Tyson Foods confirms 570 COVID-19 cases linked to Wilkesboro facility

WILKESBORO, N.C. — Tyson Foods, one of the world’s largest food companies, has revealed the scale of the novel coronavirus outbreak at its poultry plant in Wilkesboro.

Facility-wide testing found that 570 people out of the plant’s 2,244-strong workforce were positive for COVID-19, the majority of whom “did not show any symptoms and otherwise would not have been identified,” the company said in a statement Wednesday.

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Most of the workers were tested at the facility from May 6 to May 9, while 237 were either tested by the local health department or through their own health care providers. Those who test positive receive paid leave and may return to work only when they meet the criteria established by both Tyson and the U.S. Centers for Disease Control and Prevention.

[ALSO READ: Tyson Foods poultry plant in Wilkesboro back to normal operations after outbreak]

“Our team members are essential to helping to feed the nation, and their health and safety is always our first priority,” Kevin Taylor, complex manager for the Wilkesboro facility, said in a statement Wednesday. “Disclosing our testing results will help better protect our team members and help provide the wider Wilkesboro community with the information it needs to stop the spread of the virus.”

A work told Channel 9′s Dave Faherty that he has undergone several tests at the plant and has bought an extra layer of protection when he returns to his job. His biggest concerns are the hundreds of people who have tested positive but are asymptomatic.

“That’s scarier when you’re asymptomatic because you’re not feeling sick and running around here exposing yourself to other people," the worker said.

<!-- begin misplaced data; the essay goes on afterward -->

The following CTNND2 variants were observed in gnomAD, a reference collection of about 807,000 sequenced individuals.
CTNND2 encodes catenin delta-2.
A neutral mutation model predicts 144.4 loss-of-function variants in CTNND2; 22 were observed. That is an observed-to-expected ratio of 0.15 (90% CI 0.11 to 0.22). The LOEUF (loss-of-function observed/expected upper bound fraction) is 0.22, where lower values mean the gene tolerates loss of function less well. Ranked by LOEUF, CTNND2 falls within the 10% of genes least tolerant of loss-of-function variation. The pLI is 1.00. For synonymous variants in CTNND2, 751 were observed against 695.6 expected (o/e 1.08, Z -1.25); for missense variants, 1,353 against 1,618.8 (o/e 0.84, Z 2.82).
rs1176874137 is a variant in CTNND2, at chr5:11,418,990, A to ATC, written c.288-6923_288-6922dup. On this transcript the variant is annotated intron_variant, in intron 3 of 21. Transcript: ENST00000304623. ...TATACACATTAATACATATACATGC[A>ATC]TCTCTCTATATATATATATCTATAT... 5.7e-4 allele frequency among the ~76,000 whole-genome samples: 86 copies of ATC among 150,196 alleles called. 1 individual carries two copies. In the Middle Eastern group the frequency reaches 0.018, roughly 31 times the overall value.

The Wilkesboro facility is among an initial group of more than 30 production facilities in the United States where Tyson is rolling out advanced testing capabilities and enhanced care options on-site to team members, according to Wednesday’s news release.

Production at the facility has begun to ramp up after operations there were limited last week to carry out additional deep cleaning. Plants were shut down for several days at a time over the last two weeks to sanitize.

Tyson said it has put in place a range of protective steps to prevent the spread of the virus, including symptom screenings for all workers before every shift, providing mandatory protective face masks to all employees as well as physical barriers between workstations and in break rooms, among other social distancing measures. Workers also have access to on-site nurse practitioners, according to the company.

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“We are working closely with local health departments to protect our team members and their families, and to help manage the spread of the virus in our communities,” Tom Brower, senior vice president of health and safety for Tyson Foods, said in a statement. “We are using the most up-to-date data and resources to support our team members, and we are committed to ensuring they feel safe and secure when they come to work.”

Tyson said it has also put in place a host of protective steps that meet or exceed CDC and OSHA guidance for preventing COVID-19. These include symptom screenings for all team members before every shift, providing mandatory protective face masks to all team members, as well as a range of social distancing measures including physical barriers between workstations and in break rooms.

Tyson Foods said it has increased short-term disability coverage to 90% of normal pay until June 30 to encourage team members to stay home when they are sick. The company also has doubled its “thank you” bonus for its frontline workers. Team members who cannot come to work because of illness or childcare issues related to COVID-19 will continue to qualify.

Wilkesboro residents believe the company needs to do more.

“I understand that they are trying to protect the employees and everything but when the numbers get that high I think they should have shutdown for a week or two,” resident Carman Johnson said.